Making kids' food choices healthier
Meal and snack times provide a time to encourage healthy habits and conversation. When wise snacking is added to three nutritious meals a day, adults can achieve the total recommended daily guidelines for healthy American children. Otherwise, the guidelines can be very difficult.
For more ways to help children be healthy, successful, and love a lifetime of learning see the authors’ book “Learning Through the Seasons” at museums, bookstores, online at grandparentsteachtoo.org, E-Books at Smashwords.com, and pod casts at wnmufm.org.
More than 27 percent of American children’s daily calories come from snacking. This snacking doesn’t have to be bad. It could be something you had planned to offer at mealtime anyway as part of the five basic groups on a plate: about half fruits and vegetables, half grains and protein, and a glass milk or yogurt.
This plan of including tasty fruit and vegetable snacks is especially useful if fruits and vegetables are often left on the plate or a big point of contention at mealtime.
A snack that satisfies hunger might be cut up fruits and vegetables like oranges, bananas, pears, apples, thin shavings of carrots, or frozen peas with just a small amount of cereal or crackers. Add a little cheese, yogurt, or small piece of turkey. You may want to replace crackers with whole grain bread pieces, pockets or wraps and a little peanut butter (check with your physician). Recommendations are five to 13 servings of fruits and vegetables. Three meals plus three nutritious snacks (including one at bedtime) equals meeting the nutritional guidelines.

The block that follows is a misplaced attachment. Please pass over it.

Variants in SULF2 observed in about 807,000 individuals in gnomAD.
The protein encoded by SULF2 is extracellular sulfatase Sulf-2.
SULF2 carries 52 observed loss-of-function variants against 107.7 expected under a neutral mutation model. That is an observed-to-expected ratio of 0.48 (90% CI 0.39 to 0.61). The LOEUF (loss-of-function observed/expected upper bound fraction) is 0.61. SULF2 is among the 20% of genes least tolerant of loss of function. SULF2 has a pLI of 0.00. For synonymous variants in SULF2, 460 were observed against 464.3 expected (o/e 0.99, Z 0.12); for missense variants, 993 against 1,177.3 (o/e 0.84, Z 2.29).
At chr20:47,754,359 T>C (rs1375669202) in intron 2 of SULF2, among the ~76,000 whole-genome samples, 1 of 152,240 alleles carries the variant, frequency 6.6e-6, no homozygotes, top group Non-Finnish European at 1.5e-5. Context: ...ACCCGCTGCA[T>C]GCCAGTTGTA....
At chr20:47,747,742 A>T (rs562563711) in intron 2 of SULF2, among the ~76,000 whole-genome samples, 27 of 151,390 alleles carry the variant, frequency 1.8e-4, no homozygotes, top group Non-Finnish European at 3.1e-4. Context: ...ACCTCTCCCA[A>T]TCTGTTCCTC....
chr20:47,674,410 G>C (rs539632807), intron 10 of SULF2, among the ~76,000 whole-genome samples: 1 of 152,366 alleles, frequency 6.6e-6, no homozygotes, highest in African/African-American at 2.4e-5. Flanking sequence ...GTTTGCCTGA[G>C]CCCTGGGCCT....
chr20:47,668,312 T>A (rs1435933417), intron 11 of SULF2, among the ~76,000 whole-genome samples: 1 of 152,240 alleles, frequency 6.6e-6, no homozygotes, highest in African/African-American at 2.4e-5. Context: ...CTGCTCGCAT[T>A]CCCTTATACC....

Offer more water
Another suggestion is to provide water or milk during mealtimes and snacks rather than juice or soda. Drinking water rather than soda is cheaper; it is caffeine and sweetener free and will become a habit.
To set a good example, eat a small snack and drink water or skim milk with your children. Have your snack at the kitchen table rather in front of the TV, phone, or computer.
You may like to play a game like I Spy Something Red or some other color to spark conversation. Another variation is to count the number of items of a color you can find in a room.
Alphabet and category games are also conversation starters. How many words can you think of that start with the letter B? What animals can you think of that live on a farm?
You can teach young children to read numbers on nutrition labels. Four year olds can look for smaller number of sugar grams and become very aware of what they eat. These little food detectives can compare labels on boxed cereals, soup, processed meats, frozen meals, and macaroni and cheese to find the lowest amounts of sweeteners especially.
Esther Macalady is a former teacher, who lives in Golden, and participates in the Grandparents Teach Too writing group.